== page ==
Parade Ground stands as something of an enigma in the world of EBM. Since the band’s inception in 1981, Pauly brothers Pierre and Jean-Marc embarked on a stream of EP and single releases culminating in the 1988 release of Cut Up, which saw the band collaborating with Wire’s Colin Newman. Subsequently, the brothers collaborated with Front 242 on the 06:21:03:11 Up Evil and 05:22:09:12 Off albums, and would not be heard from again until resuming Parade Ground activity in 2007 with the release of Rosary. Now as a follow-up, the brothers release The 15th Floor on Minimal Maximal, a sublet of Daft Records, founded by fellow Belgian EBM maestro Dirk Ivens of Dive. However, those expecting a branch off from the modernized textures of Rosary will be in for a surprise as The 15th Floor was originally recorded and produced in 1989, but never released until now.
An insect like stutter introduces a bouncy electro beat, and then a simple yet catchy progression of bass and steely pads give way to Jean-Marc’s soulful vocal melody on “My Morning Friends.” The song ends with a gritty bass solo reminiscent of Peter Hook, and the speedy EBM urgency of “Rage and Torments” enters. Conservative guitar plucks and more of those steely pads come in, Jean-Marc’s voice bearing a similarly to Front 242′s Richard “23″ Jonckheere or Nitzer Ebb’s Douglas McCarthy in its tonality. By now, the Parade Ground formula is set to full throttle, from the title track and “Stirring Hands,” both full of mechanical beats and electric sample-laden atmosphere, to the upbeat and ominously danceable “Awaiting,” the sharp stabs of faux-brass synths and metallic clangs evoking ’80s industrial minimalism. Other songs like “Self Unmade Man” and “Turn-Tables” with their energetic mix of guitars and rickety bass melodies bear a greater resemblance to the dark pop sensibilities of New Order or Wire, while the riff that permeates through “Round” will surely remind some of Killing Joke during the Nighttime era, yet still with the tight drum programming and layers of slithering pads for that bona fide electro edge.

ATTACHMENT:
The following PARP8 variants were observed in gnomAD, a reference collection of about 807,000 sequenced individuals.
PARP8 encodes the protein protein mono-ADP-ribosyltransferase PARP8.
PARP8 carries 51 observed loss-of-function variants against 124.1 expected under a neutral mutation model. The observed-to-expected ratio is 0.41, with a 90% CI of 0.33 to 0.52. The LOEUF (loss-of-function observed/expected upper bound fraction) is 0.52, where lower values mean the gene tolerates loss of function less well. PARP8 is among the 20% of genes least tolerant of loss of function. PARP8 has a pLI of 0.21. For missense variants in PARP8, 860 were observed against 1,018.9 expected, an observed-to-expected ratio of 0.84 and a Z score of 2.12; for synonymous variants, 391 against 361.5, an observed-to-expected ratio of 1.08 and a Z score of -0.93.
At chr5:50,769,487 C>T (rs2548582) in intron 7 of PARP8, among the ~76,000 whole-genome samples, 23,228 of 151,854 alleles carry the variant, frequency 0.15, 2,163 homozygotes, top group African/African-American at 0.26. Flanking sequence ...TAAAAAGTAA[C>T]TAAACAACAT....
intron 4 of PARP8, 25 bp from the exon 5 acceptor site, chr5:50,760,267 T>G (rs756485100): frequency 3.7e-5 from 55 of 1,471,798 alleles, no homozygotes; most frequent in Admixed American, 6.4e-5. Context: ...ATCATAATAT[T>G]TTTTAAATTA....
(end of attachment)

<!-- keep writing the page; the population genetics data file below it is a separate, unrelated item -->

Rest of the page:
Given that The 15th Floor dates back to 1989, there is a pervasive sense of nostalgia when listening to this album. It is very much a product of its time as each synth and drum machine patch sounds rather dated, the production of the guitars, bass, and vocals having a primitively subdued quality quintessential to the tools and techniques of the period. Not that this in any way hinders the appeal of the album, which surely stands up next to such classic gems as Nine Inch Nails’ Pretty Hate Machine or Front Line Assembly’s Gashed Senses & Crossfire, with just enough melody and rock texture that recalls the likes of New Order’s Technique. While The 15th Floor may not necessarily hold up to today’s standards of production and sound quality, it is at least an enjoyable listen and a pleasant trip down EBM memory lane.
Parade Ground Website http://www.parade-ground.net
Parade Ground Facebook https://www.facebook.com/pages/PARADE-GROUND/9023264979
Parade Ground Twitter https://twitter.com/Beaparade
Parade Ground ReverbNation http://www.reverbnation.com/paradeground2012
Daft Records / Minimal Maximal Website http://www.daft-records.com
Ilker Yücel (Ilker81x)